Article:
Brain Freeze: What Causes an Ice Cream Headache?

Ever had a bad case of sphenopalatine ganglioneuralgia, better known as an ice cream headache or “brain freeze”?

This short-lived, painful headache occurs when something cold—ice cream, frigid water, etc.— stimulates the sphenopalatine nerve located above the roof of your mouth and near the surface of your face. In response to this cold stimulus, your brain briefly constricts its blood vessels to reduce blood flow, then abruptly dilates them. The ensuing rush of blood causes the intense pain.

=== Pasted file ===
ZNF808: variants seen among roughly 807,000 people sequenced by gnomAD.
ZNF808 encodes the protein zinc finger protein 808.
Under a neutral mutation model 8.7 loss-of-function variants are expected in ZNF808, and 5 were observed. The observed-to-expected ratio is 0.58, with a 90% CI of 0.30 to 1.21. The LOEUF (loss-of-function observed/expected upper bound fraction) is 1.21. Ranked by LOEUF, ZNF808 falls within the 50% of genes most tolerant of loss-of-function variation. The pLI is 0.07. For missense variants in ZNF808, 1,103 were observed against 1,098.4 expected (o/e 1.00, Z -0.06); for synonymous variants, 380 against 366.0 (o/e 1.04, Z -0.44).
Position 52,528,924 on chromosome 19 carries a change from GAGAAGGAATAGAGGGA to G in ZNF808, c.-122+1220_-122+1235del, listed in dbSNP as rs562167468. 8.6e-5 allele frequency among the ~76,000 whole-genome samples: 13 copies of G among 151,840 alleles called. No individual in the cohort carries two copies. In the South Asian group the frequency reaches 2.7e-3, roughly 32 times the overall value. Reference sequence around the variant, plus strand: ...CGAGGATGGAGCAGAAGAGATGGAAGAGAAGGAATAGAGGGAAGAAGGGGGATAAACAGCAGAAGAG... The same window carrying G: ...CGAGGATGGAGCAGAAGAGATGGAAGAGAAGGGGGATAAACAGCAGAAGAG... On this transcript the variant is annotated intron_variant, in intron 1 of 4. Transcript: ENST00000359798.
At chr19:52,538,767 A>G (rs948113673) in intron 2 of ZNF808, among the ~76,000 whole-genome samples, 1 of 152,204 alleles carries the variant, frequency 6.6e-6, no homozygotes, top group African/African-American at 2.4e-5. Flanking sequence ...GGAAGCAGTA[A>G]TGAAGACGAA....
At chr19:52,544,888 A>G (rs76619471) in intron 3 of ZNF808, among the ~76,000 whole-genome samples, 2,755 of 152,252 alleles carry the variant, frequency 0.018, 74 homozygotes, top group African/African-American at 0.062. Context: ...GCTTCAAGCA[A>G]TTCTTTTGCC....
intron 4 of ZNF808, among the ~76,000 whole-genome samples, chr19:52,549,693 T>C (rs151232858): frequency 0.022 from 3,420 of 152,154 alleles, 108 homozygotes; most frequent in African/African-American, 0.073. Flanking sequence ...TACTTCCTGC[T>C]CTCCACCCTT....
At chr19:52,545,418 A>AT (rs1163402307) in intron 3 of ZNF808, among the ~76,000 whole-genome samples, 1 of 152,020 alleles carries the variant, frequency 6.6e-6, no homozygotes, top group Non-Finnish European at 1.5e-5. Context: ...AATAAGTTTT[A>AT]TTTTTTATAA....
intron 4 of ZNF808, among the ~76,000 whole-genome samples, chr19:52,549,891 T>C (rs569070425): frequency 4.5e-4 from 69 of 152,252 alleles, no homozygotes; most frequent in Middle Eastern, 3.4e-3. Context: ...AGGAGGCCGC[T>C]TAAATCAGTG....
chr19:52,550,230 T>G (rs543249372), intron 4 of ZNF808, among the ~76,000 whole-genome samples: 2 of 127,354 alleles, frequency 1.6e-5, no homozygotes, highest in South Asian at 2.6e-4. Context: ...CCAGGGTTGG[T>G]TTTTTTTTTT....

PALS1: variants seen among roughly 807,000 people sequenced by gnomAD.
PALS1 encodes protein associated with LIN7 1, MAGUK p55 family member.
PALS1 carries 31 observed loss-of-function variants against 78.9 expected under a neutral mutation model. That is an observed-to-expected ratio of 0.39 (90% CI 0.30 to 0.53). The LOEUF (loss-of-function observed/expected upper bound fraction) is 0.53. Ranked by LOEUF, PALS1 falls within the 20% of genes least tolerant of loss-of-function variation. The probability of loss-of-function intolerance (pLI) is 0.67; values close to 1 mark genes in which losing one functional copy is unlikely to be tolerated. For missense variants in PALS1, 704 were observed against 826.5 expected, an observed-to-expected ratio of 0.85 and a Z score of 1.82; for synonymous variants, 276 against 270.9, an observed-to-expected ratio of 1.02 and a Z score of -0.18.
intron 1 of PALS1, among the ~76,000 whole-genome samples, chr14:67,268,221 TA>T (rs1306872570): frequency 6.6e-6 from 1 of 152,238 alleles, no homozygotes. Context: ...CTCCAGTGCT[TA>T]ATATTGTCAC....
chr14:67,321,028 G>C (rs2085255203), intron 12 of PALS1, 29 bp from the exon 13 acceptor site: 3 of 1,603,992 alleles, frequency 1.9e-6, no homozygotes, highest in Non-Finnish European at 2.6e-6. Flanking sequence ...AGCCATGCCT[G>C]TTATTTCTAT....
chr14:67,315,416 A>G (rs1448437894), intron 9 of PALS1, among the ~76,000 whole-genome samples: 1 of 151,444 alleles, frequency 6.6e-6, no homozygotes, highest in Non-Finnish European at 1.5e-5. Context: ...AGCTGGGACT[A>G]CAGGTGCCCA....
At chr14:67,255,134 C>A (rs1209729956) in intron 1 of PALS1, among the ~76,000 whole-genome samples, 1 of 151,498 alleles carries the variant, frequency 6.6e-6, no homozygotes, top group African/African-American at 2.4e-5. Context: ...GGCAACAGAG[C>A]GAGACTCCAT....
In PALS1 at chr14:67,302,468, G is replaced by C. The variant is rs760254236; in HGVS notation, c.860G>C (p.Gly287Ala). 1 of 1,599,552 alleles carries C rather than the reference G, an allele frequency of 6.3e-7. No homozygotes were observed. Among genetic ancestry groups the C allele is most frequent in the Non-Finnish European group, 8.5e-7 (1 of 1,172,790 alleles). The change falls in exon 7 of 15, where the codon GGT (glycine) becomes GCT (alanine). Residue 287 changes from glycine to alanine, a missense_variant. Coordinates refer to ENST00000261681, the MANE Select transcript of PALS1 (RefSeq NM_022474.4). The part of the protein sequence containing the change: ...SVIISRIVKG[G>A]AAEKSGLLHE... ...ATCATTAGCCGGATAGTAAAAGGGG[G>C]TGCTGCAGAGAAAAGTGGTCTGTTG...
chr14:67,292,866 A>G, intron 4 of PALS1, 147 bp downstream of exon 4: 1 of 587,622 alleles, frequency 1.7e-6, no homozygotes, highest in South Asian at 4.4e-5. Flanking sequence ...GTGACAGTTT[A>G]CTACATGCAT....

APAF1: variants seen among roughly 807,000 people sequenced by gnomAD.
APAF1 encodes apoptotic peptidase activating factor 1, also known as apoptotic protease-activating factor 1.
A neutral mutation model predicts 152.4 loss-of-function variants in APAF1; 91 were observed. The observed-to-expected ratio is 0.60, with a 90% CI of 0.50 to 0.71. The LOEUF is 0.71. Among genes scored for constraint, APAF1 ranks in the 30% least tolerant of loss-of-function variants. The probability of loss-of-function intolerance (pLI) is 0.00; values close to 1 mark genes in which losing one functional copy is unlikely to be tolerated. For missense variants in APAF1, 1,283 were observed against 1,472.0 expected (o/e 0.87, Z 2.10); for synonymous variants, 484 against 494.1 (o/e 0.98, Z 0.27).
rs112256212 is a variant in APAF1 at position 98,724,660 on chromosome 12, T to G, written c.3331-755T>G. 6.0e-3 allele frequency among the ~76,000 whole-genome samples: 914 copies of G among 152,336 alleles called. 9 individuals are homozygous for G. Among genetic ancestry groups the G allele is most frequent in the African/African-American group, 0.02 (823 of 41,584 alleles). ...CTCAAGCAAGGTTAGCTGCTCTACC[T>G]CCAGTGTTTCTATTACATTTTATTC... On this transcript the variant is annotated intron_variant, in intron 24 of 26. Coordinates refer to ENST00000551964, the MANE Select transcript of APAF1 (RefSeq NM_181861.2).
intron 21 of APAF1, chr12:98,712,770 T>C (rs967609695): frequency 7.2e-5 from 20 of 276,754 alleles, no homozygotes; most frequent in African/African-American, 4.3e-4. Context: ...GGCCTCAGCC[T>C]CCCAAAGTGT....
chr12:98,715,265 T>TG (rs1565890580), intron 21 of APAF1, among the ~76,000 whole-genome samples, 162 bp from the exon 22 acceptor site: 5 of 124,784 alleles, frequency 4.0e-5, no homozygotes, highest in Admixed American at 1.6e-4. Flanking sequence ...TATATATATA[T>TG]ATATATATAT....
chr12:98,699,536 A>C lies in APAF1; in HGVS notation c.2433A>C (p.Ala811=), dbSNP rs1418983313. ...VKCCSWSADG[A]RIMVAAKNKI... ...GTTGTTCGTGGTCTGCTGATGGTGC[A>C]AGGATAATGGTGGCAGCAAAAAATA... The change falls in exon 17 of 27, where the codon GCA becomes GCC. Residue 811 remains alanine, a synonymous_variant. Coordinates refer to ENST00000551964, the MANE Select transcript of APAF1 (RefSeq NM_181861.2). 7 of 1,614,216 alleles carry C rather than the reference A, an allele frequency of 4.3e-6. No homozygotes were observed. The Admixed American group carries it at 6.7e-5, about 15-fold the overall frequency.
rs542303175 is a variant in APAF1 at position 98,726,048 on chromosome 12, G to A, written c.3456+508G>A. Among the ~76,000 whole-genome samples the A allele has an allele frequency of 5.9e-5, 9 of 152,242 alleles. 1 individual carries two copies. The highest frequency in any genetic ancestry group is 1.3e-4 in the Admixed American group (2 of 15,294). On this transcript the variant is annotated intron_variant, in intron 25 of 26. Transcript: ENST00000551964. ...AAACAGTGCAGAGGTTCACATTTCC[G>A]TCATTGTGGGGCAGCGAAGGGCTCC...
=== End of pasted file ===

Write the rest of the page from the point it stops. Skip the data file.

This column originally appeared in the print edition of AMC Outdoors along with the column "In Cold Water: How paddlers brave the icy rush." You can also learn more in my previous post, Cold Water Brain Freeze.

Equipped” is an AMC Outdoors blog, written by Matt Heid.

Illustration by iStock.

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